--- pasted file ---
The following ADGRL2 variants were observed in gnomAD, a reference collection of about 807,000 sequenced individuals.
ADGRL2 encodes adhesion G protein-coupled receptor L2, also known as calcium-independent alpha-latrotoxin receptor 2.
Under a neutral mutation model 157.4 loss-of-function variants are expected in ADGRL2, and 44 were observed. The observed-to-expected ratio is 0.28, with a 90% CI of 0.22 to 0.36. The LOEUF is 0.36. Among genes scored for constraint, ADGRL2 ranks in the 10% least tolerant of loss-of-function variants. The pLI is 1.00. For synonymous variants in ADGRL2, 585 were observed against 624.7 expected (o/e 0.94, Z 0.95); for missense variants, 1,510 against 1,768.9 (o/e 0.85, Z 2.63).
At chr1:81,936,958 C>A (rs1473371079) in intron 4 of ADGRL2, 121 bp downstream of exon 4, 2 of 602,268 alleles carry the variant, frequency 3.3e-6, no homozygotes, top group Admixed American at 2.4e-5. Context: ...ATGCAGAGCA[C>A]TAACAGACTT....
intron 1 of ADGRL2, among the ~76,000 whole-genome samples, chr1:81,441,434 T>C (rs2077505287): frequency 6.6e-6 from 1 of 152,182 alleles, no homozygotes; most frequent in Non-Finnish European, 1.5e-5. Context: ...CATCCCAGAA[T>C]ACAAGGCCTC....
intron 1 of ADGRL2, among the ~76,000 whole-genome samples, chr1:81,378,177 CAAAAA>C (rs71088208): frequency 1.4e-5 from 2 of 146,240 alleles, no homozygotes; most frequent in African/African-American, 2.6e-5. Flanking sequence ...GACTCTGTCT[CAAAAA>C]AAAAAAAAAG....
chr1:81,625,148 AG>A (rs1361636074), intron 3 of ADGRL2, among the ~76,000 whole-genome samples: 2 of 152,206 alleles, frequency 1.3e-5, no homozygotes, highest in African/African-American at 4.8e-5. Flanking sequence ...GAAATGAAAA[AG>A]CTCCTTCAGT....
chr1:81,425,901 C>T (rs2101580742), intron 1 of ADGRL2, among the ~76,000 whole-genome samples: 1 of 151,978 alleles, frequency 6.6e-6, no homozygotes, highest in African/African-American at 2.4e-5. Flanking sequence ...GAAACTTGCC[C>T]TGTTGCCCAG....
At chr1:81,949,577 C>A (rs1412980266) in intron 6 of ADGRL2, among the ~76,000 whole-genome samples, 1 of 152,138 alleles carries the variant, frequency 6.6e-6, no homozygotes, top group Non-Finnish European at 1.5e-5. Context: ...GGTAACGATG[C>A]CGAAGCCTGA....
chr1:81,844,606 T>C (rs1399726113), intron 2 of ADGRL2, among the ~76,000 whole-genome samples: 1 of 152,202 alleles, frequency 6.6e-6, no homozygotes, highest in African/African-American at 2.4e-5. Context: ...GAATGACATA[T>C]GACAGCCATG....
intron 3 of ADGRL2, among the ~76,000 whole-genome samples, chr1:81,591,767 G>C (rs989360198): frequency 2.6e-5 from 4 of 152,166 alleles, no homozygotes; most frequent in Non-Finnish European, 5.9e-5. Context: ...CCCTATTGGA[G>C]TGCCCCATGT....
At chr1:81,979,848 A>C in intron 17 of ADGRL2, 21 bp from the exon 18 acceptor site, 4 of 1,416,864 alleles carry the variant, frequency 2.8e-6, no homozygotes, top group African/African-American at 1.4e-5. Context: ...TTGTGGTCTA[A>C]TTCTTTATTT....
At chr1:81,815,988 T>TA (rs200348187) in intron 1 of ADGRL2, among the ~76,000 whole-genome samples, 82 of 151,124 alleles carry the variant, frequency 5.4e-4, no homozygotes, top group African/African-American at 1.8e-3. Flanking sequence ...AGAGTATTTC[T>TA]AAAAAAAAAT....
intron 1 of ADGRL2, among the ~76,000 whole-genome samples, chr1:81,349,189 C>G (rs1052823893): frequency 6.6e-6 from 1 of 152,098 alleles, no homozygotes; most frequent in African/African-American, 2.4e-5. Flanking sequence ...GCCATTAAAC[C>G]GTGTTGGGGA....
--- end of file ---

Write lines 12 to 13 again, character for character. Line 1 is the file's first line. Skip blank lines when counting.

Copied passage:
At chr1:81,979,848 A>C in intron 17 of ADGRL2, 21 bp from the exon 18 acceptor site, 4 of 1,416,864 alleles carry the variant, frequency 2.8e-6, no homozygotes, top group African/African-American at 1.4e-5. Context: ...TTGTGGTCTA[A>C]TTCTTTATTT....
At chr1:81,815,988 T>TA (rs200348187) in intron 1 of ADGRL2, among the ~76,000 whole-genome samples, 82 of 151,124 alleles carry the variant, frequency 5.4e-4, no homozygotes, top group African/African-American at 1.8e-3. Flanking sequence ...AGAGTATTTC[T>TA]AAAAAAAAAT....